Over two months after Ireland’s Fine Gael emerged as the single-largest party in the country’s general elections, its leader Enda Kenny is set to be elected the prime minister — also known as the taoiseach. The country’s parliament, or the Dáil, is expected to elect Kenny as the taoiseach when it meets days after Fianna Fáil — the biggest opposition party — announced it had reached a “confidence-and-supply” arrangement for a Fine Gael-led government.

Until now, Fianna Fáil and Fine Gael — both centrist parties — have never shared power.

The agreement between the two parties, whose rivalry dates back to the Irish Civil War in the 1920s, includes provisions that would allow Kenny to form minority Fine Gael-led government. In exchange, Fianna Fáil, which won 44 seats in the 158-seat Dáil in February’s elections, will exercise a substantial influence over government policy but would not vote down the government in confidence motions or on money bills.

Additionally, independent members of the parliament will also be included as ministers in the new government, according to media reports.

“The new political reality following the election of the 32nd Dáil is difficult for all political parties, including my own, but ending civil war politics is the best thing for our country now,” Kenny said in a statement released last month. “I proposed that, in the national interest, we create a full Partnership Government between Fine Gael, Independent TDs and Fianna Fáil. Our proposal is to create a Government based on parity of esteem, consensus building, mutual respect and collective decision making.”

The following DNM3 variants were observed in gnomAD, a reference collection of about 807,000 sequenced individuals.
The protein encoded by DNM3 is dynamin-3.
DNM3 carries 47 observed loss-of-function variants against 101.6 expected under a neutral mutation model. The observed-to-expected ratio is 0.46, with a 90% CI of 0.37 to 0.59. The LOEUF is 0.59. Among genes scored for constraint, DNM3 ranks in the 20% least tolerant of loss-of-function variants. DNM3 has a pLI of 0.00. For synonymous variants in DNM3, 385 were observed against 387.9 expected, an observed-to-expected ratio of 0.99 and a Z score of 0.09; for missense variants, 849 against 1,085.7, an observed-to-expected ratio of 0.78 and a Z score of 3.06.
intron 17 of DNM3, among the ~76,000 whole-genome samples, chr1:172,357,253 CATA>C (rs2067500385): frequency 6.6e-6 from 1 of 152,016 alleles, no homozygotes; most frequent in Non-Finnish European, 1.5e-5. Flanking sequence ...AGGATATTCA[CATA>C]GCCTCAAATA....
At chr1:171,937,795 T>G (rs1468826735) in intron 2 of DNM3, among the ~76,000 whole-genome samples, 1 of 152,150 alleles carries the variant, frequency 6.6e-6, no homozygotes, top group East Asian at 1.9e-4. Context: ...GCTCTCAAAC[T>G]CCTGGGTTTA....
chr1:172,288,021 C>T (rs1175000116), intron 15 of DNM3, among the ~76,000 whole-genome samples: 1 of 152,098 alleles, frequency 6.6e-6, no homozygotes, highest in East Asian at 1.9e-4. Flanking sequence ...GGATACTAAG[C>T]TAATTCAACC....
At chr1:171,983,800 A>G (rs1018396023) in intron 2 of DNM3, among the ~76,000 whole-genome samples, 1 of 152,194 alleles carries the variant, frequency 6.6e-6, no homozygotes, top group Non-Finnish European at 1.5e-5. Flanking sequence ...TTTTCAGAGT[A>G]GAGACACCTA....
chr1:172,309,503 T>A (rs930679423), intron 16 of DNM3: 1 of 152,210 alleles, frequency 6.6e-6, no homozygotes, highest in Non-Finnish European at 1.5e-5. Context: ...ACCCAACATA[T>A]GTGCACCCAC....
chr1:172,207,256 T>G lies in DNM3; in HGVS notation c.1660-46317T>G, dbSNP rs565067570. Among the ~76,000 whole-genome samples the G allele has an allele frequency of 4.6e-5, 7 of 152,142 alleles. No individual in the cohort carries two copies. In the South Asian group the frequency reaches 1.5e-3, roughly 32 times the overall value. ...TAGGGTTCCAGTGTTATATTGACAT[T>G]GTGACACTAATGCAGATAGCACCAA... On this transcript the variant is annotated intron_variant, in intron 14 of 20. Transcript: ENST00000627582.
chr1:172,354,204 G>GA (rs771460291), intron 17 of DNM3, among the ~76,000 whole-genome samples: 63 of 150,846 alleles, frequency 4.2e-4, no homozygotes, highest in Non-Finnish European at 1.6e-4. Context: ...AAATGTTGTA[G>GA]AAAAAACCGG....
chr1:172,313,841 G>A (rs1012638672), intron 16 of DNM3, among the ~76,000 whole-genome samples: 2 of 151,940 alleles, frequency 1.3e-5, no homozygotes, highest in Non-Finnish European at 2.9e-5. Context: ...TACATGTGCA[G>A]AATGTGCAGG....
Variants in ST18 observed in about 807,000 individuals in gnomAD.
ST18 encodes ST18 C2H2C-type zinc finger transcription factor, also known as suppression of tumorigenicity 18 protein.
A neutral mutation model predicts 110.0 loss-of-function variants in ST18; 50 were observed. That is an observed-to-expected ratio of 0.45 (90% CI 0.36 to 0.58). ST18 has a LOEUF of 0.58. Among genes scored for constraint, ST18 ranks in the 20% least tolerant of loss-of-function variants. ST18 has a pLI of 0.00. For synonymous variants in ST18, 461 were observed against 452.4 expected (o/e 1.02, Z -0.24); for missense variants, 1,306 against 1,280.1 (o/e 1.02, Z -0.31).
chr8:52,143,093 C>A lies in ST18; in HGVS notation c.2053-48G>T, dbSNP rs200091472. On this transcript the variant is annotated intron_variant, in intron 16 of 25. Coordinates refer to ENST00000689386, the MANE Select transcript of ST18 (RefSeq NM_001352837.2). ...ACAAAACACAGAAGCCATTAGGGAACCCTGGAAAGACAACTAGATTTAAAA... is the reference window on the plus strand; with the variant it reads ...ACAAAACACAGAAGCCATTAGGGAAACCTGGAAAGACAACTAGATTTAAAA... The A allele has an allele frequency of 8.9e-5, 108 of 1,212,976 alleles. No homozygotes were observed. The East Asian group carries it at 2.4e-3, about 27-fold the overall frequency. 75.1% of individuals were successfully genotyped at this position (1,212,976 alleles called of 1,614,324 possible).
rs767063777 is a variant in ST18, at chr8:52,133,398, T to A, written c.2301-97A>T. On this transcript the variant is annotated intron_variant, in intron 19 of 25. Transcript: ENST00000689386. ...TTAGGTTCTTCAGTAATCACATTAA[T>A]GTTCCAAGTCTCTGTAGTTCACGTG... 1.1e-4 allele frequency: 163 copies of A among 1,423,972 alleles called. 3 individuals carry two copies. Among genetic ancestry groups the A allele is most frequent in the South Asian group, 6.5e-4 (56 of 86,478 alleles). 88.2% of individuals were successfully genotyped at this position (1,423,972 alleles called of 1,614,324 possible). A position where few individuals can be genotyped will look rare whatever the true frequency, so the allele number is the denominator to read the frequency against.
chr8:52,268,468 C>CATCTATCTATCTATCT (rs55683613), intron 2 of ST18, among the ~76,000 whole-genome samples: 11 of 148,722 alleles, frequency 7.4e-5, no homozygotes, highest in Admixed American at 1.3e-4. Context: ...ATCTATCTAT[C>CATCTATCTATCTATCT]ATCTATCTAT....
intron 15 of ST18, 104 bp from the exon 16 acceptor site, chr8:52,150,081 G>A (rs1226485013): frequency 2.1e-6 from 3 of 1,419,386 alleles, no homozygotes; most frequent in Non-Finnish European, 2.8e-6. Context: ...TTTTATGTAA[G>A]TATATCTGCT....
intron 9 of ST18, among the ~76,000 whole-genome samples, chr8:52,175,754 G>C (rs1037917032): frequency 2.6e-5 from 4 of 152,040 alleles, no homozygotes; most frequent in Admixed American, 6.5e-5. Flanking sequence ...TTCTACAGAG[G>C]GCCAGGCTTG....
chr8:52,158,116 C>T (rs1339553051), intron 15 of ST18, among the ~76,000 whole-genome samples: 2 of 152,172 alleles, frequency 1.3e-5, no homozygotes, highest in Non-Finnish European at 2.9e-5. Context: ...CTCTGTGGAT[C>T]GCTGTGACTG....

In the country’s previous election, held in 2011, Fianna Fáil — whose real estate and economic policies, implemented between 1997 and 2011, were widely blamed for the severe impact the 2007-2009 financial crisis had on Ireland — lost 51 of its 71 parliamentary seats. The 2011 elections brought to power a coalition government made up of the Fine Gael and the Irish Labour Party.

In February’s election, the Fianna Fáil party won 44 seats — a comeback widely attributed to populist policies championed by its leader Micheál Martin. However, the party still fell short of Fine Gael’s 50 and the 80 seats needed for majority.

“Fianna Fáil believes that a minority government is the only credible and legitimate outcome from the current make-up of the Dáil. We understand the need for an agreement which allows such a government to function,” Martin said in a statement released in April.